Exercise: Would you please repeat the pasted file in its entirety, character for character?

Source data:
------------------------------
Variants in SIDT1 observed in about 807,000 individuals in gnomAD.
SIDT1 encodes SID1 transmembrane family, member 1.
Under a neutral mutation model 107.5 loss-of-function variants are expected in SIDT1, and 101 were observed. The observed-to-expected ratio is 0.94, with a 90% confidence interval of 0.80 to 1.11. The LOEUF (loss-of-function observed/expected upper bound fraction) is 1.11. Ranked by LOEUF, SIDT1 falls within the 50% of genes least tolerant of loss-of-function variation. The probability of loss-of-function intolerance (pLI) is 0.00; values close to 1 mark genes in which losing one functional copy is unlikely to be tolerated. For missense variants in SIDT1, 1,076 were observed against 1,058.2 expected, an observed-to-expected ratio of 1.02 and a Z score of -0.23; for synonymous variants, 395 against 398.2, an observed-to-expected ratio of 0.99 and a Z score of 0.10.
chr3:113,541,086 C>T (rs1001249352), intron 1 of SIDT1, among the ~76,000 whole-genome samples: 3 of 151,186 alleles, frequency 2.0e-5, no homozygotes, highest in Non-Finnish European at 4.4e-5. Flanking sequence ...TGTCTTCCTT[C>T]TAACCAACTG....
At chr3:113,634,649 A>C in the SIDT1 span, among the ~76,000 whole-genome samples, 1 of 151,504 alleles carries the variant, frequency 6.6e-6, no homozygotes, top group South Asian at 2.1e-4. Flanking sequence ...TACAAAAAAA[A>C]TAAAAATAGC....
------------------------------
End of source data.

Variants in SIDT1 observed in about 807,000 individuals in gnomAD.
SIDT1 encodes SID1 transmembrane family, member 1.
Under a neutral mutation model 107.5 loss-of-function variants are expected in SIDT1, and 101 were observed. The observed-to-expected ratio is 0.94, with a 90% confidence interval of 0.80 to 1.11. The LOEUF (loss-of-function observed/expected upper bound fraction) is 1.11. Ranked by LOEUF, SIDT1 falls within the 50% of genes least tolerant of loss-of-function variation. The probability of loss-of-function intolerance (pLI) is 0.00; values close to 1 mark genes in which losing one functional copy is unlikely to be tolerated. For missense variants in SIDT1, 1,076 were observed against 1,058.2 expected, an observed-to-expected ratio of 1.02 and a Z score of -0.23; for synonymous variants, 395 against 398.2, an observed-to-expected ratio of 0.99 and a Z score of 0.10.
chr3:113,541,086 C>T (rs1001249352), intron 1 of SIDT1, among the ~76,000 whole-genome samples: 3 of 151,186 alleles, frequency 2.0e-5, no homozygotes, highest in Non-Finnish European at 4.4e-5. Flanking sequence ...TGTCTTCCTT[C>T]TAACCAACTG....
At chr3:113,634,649 A>C in the SIDT1 span, among the ~76,000 whole-genome samples, 1 of 151,504 alleles carries the variant, frequency 6.6e-6, no homozygotes, top group South Asian at 2.1e-4. Flanking sequence ...TACAAAAAAA[A>C]TAAAAATAGC....